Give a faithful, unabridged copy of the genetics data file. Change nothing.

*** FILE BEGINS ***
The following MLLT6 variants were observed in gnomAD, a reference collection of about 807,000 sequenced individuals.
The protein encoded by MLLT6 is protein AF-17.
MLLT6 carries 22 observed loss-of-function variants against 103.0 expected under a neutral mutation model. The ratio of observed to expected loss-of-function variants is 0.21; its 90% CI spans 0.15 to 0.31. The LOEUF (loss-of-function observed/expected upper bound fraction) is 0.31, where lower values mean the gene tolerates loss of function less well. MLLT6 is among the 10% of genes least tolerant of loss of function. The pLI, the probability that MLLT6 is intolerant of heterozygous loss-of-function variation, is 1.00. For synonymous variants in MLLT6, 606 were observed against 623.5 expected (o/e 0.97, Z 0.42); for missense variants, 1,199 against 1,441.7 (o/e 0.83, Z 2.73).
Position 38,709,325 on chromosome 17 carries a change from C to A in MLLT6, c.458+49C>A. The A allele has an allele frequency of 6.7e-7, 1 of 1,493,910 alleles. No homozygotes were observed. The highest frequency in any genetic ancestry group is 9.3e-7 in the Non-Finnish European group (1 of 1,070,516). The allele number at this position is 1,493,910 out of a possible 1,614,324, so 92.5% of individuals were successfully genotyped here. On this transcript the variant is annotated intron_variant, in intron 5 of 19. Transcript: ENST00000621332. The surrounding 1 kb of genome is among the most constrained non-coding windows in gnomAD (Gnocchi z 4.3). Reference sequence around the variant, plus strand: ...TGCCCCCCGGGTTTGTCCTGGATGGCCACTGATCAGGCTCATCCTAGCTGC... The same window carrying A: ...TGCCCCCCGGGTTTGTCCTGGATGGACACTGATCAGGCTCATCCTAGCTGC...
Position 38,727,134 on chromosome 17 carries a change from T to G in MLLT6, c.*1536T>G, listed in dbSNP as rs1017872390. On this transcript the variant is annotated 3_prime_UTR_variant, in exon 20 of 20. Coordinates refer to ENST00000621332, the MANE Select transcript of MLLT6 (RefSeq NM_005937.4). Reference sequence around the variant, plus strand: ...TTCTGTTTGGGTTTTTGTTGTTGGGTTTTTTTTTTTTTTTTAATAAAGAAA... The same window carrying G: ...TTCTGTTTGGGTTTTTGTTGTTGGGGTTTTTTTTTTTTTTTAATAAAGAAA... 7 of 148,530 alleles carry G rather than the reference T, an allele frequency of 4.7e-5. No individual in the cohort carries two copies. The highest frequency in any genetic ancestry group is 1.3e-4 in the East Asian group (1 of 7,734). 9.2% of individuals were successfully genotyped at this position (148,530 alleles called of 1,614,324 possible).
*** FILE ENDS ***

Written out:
The following MLLT6 variants were observed in gnomAD, a reference collection of about 807,000 sequenced individuals.
The protein encoded by MLLT6 is protein AF-17.
MLLT6 carries 22 observed loss-of-function variants against 103.0 expected under a neutral mutation model. The ratio of observed to expected loss-of-function variants is 0.21; its 90% CI spans 0.15 to 0.31. The LOEUF (loss-of-function observed/expected upper bound fraction) is 0.31, where lower values mean the gene tolerates loss of function less well. MLLT6 is among the 10% of genes least tolerant of loss of function. The pLI, the probability that MLLT6 is intolerant of heterozygous loss-of-function variation, is 1.00. For synonymous variants in MLLT6, 606 were observed against 623.5 expected (o/e 0.97, Z 0.42); for missense variants, 1,199 against 1,441.7 (o/e 0.83, Z 2.73).
Position 38,709,325 on chromosome 17 carries a change from C to A in MLLT6, c.458+49C>A. The A allele has an allele frequency of 6.7e-7, 1 of 1,493,910 alleles. No homozygotes were observed. The highest frequency in any genetic ancestry group is 9.3e-7 in the Non-Finnish European group (1 of 1,070,516). The allele number at this position is 1,493,910 out of a possible 1,614,324, so 92.5% of individuals were successfully genotyped here. On this transcript the variant is annotated intron_variant, in intron 5 of 19. Transcript: ENST00000621332. The surrounding 1 kb of genome is among the most constrained non-coding windows in gnomAD (Gnocchi z 4.3). Reference sequence around the variant, plus strand: ...TGCCCCCCGGGTTTGTCCTGGATGGCCACTGATCAGGCTCATCCTAGCTGC... The same window carrying A: ...TGCCCCCCGGGTTTGTCCTGGATGGACACTGATCAGGCTCATCCTAGCTGC...
Position 38,727,134 on chromosome 17 carries a change from T to G in MLLT6, c.*1536T>G, listed in dbSNP as rs1017872390. On this transcript the variant is annotated 3_prime_UTR_variant, in exon 20 of 20. Coordinates refer to ENST00000621332, the MANE Select transcript of MLLT6 (RefSeq NM_005937.4). Reference sequence around the variant, plus strand: ...TTCTGTTTGGGTTTTTGTTGTTGGGTTTTTTTTTTTTTTTTAATAAAGAAA... The same window carrying G: ...TTCTGTTTGGGTTTTTGTTGTTGGGGTTTTTTTTTTTTTTTAATAAAGAAA... 7 of 148,530 alleles carry G rather than the reference T, an allele frequency of 4.7e-5. No individual in the cohort carries two copies. The highest frequency in any genetic ancestry group is 1.3e-4 in the East Asian group (1 of 7,734). 9.2% of individuals were successfully genotyped at this position (148,530 alleles called of 1,614,324 possible).